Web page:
The old English Epic of Beowulf gives the reader a sobering example of the effects of hubris. The story's titular protagonist does exhibit virtues common to epic heroes: bravery, honor, and reverence, but his most important characteristic is his hubris. As Aristotle has shown, an excess is indicative of a vice. It is Beowulf`s hubris, not his virtuous qualities, that is most important to the story because it explains how and why Beowulf dies.
Hubris Is Not Always a Bad Thing: The Heroic Qualities of Beowulf
Hubris can sometimes help a person do amazing things. To swim for five days and five nights in icy waters while carrying a sword and battling sea monsters is no small feat. And more importantly, Beowulf saved a neighboring king, named Hrothgar, and his men from the torment of the beasts Grendel and Grendel`s Mother. Beowulf understood the greatness of his feats as evidenced in an exchange with one of Hrothgar’s men, Unferth, where Beowulf boasts, “You…were [n]ever much celebrated for swordsmanship or for facing danger on the field of battle…if you were as courageous as you claim to be, Grendel would never have gotten away with such unchecked atrocity”(584-593). Beowulf knew that he was braver than the other men, and his confidence allowed him to defeat the monsters when no one else could even face them.
Beowulf's Hubris Is a Flaw
For all the great advantages that come with hubris, it serves to show an illuminating contrast between him and Hrothgar. it is also this flaw that answers the question, "how did Beowulf die?".
The Characteristic Is Important in Anglo-Saxon Culture
Provoked partly because of the flowing alcohol and partly from Unferth`s assault on his pride, Beowulf`s flyting (exchange of verbal insults) creates a delightful uproar in the crowd that highlighted the importance of hubris in the Anglo-Saxon society. The setting for Beowulf is 8th century Scandinavia, a distinct cultural time period that is integral to the story.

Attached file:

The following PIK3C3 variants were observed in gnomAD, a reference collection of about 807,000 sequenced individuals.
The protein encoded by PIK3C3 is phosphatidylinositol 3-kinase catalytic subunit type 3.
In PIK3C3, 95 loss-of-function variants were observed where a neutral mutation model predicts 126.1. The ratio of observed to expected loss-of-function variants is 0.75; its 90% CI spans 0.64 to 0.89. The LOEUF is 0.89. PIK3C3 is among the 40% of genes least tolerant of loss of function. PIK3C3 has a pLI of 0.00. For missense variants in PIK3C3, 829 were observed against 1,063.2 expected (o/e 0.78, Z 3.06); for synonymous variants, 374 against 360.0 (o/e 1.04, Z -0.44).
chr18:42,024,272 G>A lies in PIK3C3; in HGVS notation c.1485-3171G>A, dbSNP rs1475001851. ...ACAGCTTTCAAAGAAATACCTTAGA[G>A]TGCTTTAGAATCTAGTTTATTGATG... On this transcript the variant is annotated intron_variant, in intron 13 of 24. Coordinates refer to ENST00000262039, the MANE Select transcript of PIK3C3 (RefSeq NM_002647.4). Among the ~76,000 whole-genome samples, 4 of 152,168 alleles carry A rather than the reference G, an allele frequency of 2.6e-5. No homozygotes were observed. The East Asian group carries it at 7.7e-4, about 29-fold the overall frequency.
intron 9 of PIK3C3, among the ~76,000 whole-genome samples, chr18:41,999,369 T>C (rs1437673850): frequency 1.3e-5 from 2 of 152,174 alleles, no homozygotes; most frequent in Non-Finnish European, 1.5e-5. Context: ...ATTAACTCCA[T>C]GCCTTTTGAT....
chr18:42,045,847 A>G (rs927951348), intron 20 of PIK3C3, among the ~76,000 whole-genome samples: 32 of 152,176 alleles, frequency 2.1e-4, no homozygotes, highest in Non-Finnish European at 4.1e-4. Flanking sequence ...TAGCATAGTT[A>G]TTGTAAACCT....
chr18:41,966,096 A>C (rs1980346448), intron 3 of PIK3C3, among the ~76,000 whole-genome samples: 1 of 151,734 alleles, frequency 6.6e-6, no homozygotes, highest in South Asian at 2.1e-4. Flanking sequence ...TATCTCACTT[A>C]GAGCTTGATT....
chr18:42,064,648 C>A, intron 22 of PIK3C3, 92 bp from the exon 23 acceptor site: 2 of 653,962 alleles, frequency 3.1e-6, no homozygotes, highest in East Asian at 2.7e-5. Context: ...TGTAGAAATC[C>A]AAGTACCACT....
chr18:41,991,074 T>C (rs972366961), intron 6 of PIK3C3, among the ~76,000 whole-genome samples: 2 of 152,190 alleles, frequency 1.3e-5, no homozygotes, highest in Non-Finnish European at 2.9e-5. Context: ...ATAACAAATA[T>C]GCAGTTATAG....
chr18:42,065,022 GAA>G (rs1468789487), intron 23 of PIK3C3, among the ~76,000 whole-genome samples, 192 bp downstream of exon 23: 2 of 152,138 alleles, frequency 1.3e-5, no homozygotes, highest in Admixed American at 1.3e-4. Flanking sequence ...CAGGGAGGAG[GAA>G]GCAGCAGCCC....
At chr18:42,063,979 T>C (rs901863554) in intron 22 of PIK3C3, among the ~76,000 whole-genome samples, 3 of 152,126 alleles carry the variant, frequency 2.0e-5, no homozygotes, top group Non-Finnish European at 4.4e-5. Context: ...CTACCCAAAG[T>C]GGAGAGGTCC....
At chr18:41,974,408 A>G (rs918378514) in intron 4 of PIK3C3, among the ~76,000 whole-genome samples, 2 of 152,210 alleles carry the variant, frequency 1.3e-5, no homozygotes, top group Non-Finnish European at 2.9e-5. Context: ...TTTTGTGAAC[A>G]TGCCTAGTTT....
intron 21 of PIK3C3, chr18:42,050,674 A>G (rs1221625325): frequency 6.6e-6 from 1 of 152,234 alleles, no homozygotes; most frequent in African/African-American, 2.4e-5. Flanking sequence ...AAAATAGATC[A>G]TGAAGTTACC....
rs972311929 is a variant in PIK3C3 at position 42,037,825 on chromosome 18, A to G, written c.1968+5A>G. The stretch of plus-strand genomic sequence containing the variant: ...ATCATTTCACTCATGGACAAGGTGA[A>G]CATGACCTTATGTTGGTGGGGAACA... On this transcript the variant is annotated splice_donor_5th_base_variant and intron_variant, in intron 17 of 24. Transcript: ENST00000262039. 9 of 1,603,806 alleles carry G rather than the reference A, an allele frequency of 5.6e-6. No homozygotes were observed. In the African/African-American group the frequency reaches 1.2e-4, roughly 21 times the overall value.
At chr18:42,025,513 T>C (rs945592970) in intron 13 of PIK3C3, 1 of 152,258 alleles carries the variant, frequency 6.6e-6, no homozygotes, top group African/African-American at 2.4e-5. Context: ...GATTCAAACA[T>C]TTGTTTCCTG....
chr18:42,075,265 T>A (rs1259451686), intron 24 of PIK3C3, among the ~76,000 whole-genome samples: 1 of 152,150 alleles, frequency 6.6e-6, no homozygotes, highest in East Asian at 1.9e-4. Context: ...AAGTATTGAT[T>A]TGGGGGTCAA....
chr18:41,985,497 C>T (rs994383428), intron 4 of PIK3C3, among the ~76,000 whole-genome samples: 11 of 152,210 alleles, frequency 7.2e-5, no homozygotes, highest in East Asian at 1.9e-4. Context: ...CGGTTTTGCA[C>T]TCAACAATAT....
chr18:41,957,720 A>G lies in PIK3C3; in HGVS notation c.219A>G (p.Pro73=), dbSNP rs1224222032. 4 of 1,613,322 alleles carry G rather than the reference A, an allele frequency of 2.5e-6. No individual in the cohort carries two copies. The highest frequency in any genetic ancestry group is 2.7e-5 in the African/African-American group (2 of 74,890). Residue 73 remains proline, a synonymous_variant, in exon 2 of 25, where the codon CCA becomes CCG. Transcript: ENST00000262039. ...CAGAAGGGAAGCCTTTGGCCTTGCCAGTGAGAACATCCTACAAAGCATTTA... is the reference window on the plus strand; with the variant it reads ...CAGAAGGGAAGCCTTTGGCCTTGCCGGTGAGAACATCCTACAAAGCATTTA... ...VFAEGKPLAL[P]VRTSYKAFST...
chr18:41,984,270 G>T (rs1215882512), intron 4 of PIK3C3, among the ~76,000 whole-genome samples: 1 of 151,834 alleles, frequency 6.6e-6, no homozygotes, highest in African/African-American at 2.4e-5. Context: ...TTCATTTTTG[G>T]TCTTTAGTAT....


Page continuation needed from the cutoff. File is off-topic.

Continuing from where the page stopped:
Hrothgar must also have had similarly great feats of strength and bravery in his youth. The society of 8th century Germanic culture was anchored by a warrior-king culture that demanded unequivocal bravery and strength from rulers who were the defenders of their people from all outside forces.
A Character Analysis Shows What Made Hrothgar an Epic Hero
At first it appears that Hrothgar failed as a warrior king because he was unable to defend his people from Grendel and his Mother, but in fact the king showed great wisdom (a virtue) by understanding that he was now an old king, not the great warrior he used to be. He did not fall victim to the hubris of the typical warrior and ultimately protected his people, albeit with the help of Beowulf. Hrothgar exhibited great moderation in his character. And Beowulf agrees when he states that, “there was no laying of blame on their lord/the noble Hrothgar; he was a good King” (861-862).
Why Did Beowulf Fight the Dragon?
In his own old age, Beowulf failed to exhibit the same great qualities for which he praised Hrothgar. Hrothgar warns Beowulf in an important speech in the Hall of Heorot about the dangers of hubris. But Beowulf does not heed the advice. For example, as a warrior-king himself, He was faced with an angry dragon that misdirected its anger at Beowulf’s kingdom after a thief stole the dragon’s possessions. Beowulf recognized the need to protect his kingdom from the outside threat (like Hrothgar against Grendel and Grendel`s mother) and set out to slay the dragon just as he had dispatched of so many other monsters in his youth.
How and Why Does Beowulf Die?
The only problem was that his hubris blinded him to the fact that his aging body was a shadow of the legendary warrior from his past. He proclaimed, “I shall pursue this fight for the glory of winning” (2513-2514), and marched on to face the dragon. If not for his hubris, Beowulf would have approached this obstacle just as Hrothgar did; He would have done what was best for his people and not what was best for his pride. But Beowulf lacked the moderation that made Hrothgar a great king. He fought the dragon and, although he kills it, was fatally wounded.
And so the great hero’s life came to end. Beowulf died, drunken off his memories of infallibility and the legendarily heroic young man he once was. His hubris left his kingdom without its warrior-king. As the ruler of his kingdom, he lacked Aristotle’s moderation and had become too prideful. It impaired his judgment and ultimately left him dead and his people defenseless. His hubris brought on the tragic end to an otherwise epic life.
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© 2012 Ryan Buda